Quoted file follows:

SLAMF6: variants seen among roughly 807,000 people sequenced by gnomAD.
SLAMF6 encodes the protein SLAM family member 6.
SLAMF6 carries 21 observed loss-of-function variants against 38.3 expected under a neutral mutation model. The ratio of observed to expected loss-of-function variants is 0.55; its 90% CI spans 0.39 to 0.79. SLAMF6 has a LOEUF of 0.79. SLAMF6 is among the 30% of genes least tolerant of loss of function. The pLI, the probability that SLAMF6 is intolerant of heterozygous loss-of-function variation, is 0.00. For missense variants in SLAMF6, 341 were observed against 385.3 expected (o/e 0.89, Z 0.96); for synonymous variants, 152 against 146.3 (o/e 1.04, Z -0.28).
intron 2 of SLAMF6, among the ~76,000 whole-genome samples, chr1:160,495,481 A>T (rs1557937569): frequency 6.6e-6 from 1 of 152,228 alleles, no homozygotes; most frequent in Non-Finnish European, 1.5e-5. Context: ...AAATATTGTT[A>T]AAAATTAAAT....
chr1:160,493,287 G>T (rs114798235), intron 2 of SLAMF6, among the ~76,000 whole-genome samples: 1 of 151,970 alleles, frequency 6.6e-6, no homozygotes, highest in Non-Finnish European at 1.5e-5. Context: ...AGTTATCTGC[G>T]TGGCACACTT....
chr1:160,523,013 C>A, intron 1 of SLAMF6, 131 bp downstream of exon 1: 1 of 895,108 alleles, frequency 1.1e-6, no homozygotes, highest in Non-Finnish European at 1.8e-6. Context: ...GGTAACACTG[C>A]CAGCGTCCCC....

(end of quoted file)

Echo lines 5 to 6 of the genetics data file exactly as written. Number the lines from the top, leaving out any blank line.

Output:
chr1:160,493,287 G>T (rs114798235), intron 2 of SLAMF6, among the ~76,000 whole-genome samples: 1 of 151,970 alleles, frequency 6.6e-6, no homozygotes, highest in Non-Finnish European at 1.5e-5. Context: ...AGTTATCTGC[G>T]TGGCACACTT....
chr1:160,523,013 C>A, intron 1 of SLAMF6, 131 bp downstream of exon 1: 1 of 895,108 alleles, frequency 1.1e-6, no homozygotes, highest in Non-Finnish European at 1.8e-6. Context: ...GGTAACACTG[C>A]CAGCGTCCCC....